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War Game

by Mark Halpin and Dave Shukan

This is a logic puzzle describing the outcome of the card game Battle Line between North and South. There are 9 columns into which players play up to 3 cards each, and one player (or possibly none) wins the flag associated with each column. One route to solving for the final layout is appears below. For clarity, the solution uses numbers rather than rank names, and poker-hand terminology rather than formation names. Numbers prefaced by G (e.g., G5) refer to the number of the given information in the puzzle.

A By G4, one side must have all odd cards or all even cards, since otherwise not all sets of 20 cards removed would leave an even sum. (Remove any 20, and if an even sum remains, exchange an odd and even card.) If all-even, the side must have at least 21 cards. If all-odd, the side must have at least 22 cards. (This side will be called the "parity" side.)
B The parity side cannot include any straight or straight flush. Thus, by G1, the non-parity side must contain a winning straight flush, a winning straight, and a losing straight. And since a straight flush cannot oppose a straight flush, the four types of losing hands do not include a straight flush.
C By B, the non-parity side has at least 3 odd cards and at least 3 even cards (one per straight/straight flush). If the missing rank (G3) is odd, there would not be 22 odd cards left for the parity side (only 30 odd cards in the deck). If the missing rank is even, then because a 6 has been deserted, there would not be 21 even cards left for the parity side. Thus, the missing rank has a different parity than the parity side.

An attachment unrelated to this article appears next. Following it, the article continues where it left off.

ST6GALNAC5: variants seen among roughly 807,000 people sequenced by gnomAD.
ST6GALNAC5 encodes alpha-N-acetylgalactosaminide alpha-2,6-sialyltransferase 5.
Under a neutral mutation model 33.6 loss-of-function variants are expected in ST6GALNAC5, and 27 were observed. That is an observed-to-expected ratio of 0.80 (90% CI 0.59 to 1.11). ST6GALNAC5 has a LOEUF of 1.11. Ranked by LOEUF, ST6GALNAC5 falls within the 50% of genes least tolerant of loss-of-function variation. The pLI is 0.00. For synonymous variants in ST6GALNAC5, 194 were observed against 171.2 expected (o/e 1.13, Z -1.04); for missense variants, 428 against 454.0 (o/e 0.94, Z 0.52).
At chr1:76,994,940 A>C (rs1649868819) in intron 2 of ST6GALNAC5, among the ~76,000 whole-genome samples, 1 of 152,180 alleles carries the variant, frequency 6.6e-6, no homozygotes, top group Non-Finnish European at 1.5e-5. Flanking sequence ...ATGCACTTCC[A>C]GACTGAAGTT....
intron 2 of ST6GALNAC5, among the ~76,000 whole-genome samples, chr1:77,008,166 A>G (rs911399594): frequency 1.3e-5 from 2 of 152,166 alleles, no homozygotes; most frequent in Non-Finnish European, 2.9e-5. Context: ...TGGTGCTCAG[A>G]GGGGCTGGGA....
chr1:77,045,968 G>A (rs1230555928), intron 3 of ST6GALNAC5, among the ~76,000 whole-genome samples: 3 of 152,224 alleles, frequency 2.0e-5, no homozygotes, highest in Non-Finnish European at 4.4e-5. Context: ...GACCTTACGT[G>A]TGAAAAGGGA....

D By G8 and G7, North won a 20-or-more point hand against a 1X doubleton. Without Fog, South could have won with a yellow card the next turn. This would not have been a flush, since the X was orange, or a triplet since the doubleton could not be not 1 1. So it was a straight or a sum (Host). If it was a Host, then it would have to be 1 10 10 to beat 20, meaning that the doubleton would have to be 1 10. But if the doubleton were 1 10, then North would be the parity side, and that side could not contain a 10 (because of G2), and could not contain 88 or a 6 (because of G11), thus with even cards the most it could sum to would be 844 = 16, in violation of G8. So, if the South doubleton were 1 10, then North would have to be odd parity, but in that case the sum would be at least 21 (3 odd cards cannot sum to 20). And 1 10 could not beat a 21 (if it tied, it would come later and so would lose). Thus, the hypothetical winning South hand could not be a sum, and must be a straight. And the only straight containing a 1 is 123. But South could not have doubleton 1 3, since the 3 would have to be orange (by G7), and the orange 3 is singleton (also by G7). Thus, South has 1 2O in column 3, and North would have at most a Host without the Fog -- it could not be higher than that, since otherwise South could not have won on the next turn with a yellow card. And because South has 1 2, North must be the parity side. And South must have the Yellow 3 in hand when Fog was played, which must remain as an unplayed card at the end of the game (since South played no more yellow cards after Fog was played).